General best practice is to start by spraying your machine off completely, and then hit it with the foam cannon. Let that sit for ten minutes and then rinse it off, starting at the top and working down to the bottom. The only issue you might encounter is that, unless you leave your water on all the time,  your pressure washer will usually have air inside at the start, so it might take a minute or two of holding it open before it all get's out and you get water flowing. And don’t let the PSI figures fool you, there’s more to a good washer than the pressure ratings. For example, a 4000 PSI washer at 2.5 GPM (Gallons Per Minute)won’t clean much and it’ll do it slowly. Look for the higher GPM and you’ll be a happy washer.

    Checking Your RZR's Fluids

    Before you take your RZR out for its first spring ride, checking and changing its fluids is highly advisable. It fact, it is recommend that you stock your shelves with fluids as well as filters, and get good at changing them because you’ll be doing it frequently. Most mechanical failures in UTVs are associated with a lack of lubrication. These units see extreme duty on a regular basis, and thus have very few things in common with an automobile. The three main fluids you should check and change are the engine fluid, front differential fluid, and transmission fluid.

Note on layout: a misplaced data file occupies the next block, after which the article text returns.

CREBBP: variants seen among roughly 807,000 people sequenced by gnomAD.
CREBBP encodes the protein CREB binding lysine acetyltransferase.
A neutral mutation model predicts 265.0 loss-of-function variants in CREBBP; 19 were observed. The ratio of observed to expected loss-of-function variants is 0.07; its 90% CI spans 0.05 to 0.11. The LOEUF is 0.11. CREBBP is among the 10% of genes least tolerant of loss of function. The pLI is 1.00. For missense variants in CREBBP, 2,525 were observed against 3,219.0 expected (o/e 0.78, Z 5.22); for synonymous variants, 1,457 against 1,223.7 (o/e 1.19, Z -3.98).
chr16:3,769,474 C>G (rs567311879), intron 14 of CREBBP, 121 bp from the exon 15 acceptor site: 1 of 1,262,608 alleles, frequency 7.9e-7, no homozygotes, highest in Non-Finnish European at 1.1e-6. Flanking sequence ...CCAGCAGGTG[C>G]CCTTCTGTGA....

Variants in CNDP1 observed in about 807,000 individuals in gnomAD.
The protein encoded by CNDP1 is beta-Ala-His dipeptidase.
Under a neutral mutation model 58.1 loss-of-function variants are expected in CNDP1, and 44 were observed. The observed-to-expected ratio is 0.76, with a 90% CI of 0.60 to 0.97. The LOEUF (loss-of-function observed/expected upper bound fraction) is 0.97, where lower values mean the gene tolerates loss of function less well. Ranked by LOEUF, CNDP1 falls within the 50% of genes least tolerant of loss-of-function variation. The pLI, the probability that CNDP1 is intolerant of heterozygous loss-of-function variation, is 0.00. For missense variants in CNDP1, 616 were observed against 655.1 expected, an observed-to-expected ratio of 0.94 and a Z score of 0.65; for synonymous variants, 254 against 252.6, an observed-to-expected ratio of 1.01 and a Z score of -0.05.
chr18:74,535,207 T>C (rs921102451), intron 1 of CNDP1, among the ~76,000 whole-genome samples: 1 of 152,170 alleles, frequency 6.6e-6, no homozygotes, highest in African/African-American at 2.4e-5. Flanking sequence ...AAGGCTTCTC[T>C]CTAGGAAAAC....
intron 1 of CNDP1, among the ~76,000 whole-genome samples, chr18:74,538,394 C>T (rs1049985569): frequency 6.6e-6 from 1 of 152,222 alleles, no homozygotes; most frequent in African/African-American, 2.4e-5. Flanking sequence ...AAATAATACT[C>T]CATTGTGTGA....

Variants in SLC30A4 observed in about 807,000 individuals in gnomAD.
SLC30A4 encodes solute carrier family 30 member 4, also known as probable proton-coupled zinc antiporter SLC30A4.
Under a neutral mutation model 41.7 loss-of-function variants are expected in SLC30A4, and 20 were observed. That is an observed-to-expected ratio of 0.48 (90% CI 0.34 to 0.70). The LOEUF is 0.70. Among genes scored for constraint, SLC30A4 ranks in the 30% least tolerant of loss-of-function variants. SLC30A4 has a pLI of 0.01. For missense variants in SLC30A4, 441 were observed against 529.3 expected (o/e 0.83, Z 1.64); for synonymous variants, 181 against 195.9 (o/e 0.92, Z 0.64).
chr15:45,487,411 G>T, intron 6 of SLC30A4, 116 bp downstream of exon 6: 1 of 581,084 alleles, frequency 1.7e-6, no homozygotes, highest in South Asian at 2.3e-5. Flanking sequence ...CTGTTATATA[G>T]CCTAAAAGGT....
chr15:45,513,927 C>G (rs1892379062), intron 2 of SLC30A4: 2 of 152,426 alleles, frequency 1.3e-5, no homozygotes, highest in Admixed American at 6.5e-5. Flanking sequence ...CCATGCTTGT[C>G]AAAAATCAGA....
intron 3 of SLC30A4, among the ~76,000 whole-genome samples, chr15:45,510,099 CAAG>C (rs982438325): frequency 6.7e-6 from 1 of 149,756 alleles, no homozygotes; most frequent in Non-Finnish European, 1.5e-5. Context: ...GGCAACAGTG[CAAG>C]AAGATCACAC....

Contrary to popular belief, fluid choice will not void your machine’s warranty — that is as long as the fluids you are using meet the hydrodynamic properties required and are made from the basic additives of Polaris branded fluids. And  if you rid mud and wanter, go ahead and completely Ignore the manual change intervals. In many cases, the differential fluid will need to be changed after every ride due to water getting past the seals as they wear. It cost approximately $3 for the fluid to change it out, so this is something you’ll just have to get used to it. Before you take your bike out after a Long winter — and routinely thereafter — check the air filter for contamination. Sand, dirt, and mud getting past the filter will quickly steal your power by reducing compression.